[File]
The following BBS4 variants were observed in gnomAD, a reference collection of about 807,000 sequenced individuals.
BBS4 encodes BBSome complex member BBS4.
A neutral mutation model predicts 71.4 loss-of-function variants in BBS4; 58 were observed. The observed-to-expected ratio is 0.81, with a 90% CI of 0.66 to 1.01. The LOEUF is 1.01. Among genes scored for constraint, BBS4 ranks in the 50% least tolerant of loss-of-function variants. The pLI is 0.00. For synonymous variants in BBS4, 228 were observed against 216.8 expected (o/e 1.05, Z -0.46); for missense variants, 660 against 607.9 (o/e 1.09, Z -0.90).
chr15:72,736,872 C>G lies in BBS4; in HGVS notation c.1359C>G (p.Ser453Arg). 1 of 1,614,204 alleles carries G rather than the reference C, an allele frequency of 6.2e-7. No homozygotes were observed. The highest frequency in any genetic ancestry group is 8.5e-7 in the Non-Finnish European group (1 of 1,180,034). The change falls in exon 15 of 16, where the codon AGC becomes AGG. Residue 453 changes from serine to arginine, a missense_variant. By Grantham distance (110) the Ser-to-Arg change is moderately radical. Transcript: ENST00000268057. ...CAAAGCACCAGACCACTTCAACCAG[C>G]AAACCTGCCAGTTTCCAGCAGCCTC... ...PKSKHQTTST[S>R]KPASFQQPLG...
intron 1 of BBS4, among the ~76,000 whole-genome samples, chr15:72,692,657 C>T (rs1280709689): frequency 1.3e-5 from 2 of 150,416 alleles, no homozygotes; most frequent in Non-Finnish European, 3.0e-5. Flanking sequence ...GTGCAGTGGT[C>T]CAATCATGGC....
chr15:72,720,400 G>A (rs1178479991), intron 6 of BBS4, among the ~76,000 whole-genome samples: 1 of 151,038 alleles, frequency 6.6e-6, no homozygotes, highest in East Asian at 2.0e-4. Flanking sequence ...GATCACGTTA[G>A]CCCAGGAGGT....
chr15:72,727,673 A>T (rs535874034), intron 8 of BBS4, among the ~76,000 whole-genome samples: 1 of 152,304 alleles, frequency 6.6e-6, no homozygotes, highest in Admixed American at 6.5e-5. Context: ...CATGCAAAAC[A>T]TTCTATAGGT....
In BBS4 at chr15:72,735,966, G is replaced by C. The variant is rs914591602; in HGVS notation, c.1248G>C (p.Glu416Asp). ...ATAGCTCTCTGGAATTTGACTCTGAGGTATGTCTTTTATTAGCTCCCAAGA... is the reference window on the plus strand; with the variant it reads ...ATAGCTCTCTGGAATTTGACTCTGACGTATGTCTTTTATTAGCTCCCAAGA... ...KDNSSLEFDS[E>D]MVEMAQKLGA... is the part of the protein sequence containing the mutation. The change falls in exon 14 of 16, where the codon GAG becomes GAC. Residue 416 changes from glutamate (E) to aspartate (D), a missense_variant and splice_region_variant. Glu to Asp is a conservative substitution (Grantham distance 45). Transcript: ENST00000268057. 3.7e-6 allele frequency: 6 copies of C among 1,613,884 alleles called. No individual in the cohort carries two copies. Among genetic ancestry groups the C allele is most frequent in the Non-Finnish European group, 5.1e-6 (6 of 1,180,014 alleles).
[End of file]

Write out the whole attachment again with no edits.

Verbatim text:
The following BBS4 variants were observed in gnomAD, a reference collection of about 807,000 sequenced individuals.
BBS4 encodes BBSome complex member BBS4.
A neutral mutation model predicts 71.4 loss-of-function variants in BBS4; 58 were observed. The observed-to-expected ratio is 0.81, with a 90% CI of 0.66 to 1.01. The LOEUF is 1.01. Among genes scored for constraint, BBS4 ranks in the 50% least tolerant of loss-of-function variants. The pLI is 0.00. For synonymous variants in BBS4, 228 were observed against 216.8 expected (o/e 1.05, Z -0.46); for missense variants, 660 against 607.9 (o/e 1.09, Z -0.90).
chr15:72,736,872 C>G lies in BBS4; in HGVS notation c.1359C>G (p.Ser453Arg). 1 of 1,614,204 alleles carries G rather than the reference C, an allele frequency of 6.2e-7. No homozygotes were observed. The highest frequency in any genetic ancestry group is 8.5e-7 in the Non-Finnish European group (1 of 1,180,034). The change falls in exon 15 of 16, where the codon AGC becomes AGG. Residue 453 changes from serine to arginine, a missense_variant. By Grantham distance (110) the Ser-to-Arg change is moderately radical. Transcript: ENST00000268057. ...CAAAGCACCAGACCACTTCAACCAG[C>G]AAACCTGCCAGTTTCCAGCAGCCTC... ...PKSKHQTTST[S>R]KPASFQQPLG...
intron 1 of BBS4, among the ~76,000 whole-genome samples, chr15:72,692,657 C>T (rs1280709689): frequency 1.3e-5 from 2 of 150,416 alleles, no homozygotes; most frequent in Non-Finnish European, 3.0e-5. Flanking sequence ...GTGCAGTGGT[C>T]CAATCATGGC....
chr15:72,720,400 G>A (rs1178479991), intron 6 of BBS4, among the ~76,000 whole-genome samples: 1 of 151,038 alleles, frequency 6.6e-6, no homozygotes, highest in East Asian at 2.0e-4. Flanking sequence ...GATCACGTTA[G>A]CCCAGGAGGT....
chr15:72,727,673 A>T (rs535874034), intron 8 of BBS4, among the ~76,000 whole-genome samples: 1 of 152,304 alleles, frequency 6.6e-6, no homozygotes, highest in Admixed American at 6.5e-5. Context: ...CATGCAAAAC[A>T]TTCTATAGGT....
In BBS4 at chr15:72,735,966, G is replaced by C. The variant is rs914591602; in HGVS notation, c.1248G>C (p.Glu416Asp). ...ATAGCTCTCTGGAATTTGACTCTGAGGTATGTCTTTTATTAGCTCCCAAGA... is the reference window on the plus strand; with the variant it reads ...ATAGCTCTCTGGAATTTGACTCTGACGTATGTCTTTTATTAGCTCCCAAGA... ...KDNSSLEFDS[E>D]MVEMAQKLGA... is the part of the protein sequence containing the mutation. The change falls in exon 14 of 16, where the codon GAG becomes GAC. Residue 416 changes from glutamate (E) to aspartate (D), a missense_variant and splice_region_variant. Glu to Asp is a conservative substitution (Grantham distance 45). Transcript: ENST00000268057. 3.7e-6 allele frequency: 6 copies of C among 1,613,884 alleles called. No individual in the cohort carries two copies. Among genetic ancestry groups the C allele is most frequent in the Non-Finnish European group, 5.1e-6 (6 of 1,180,014 alleles).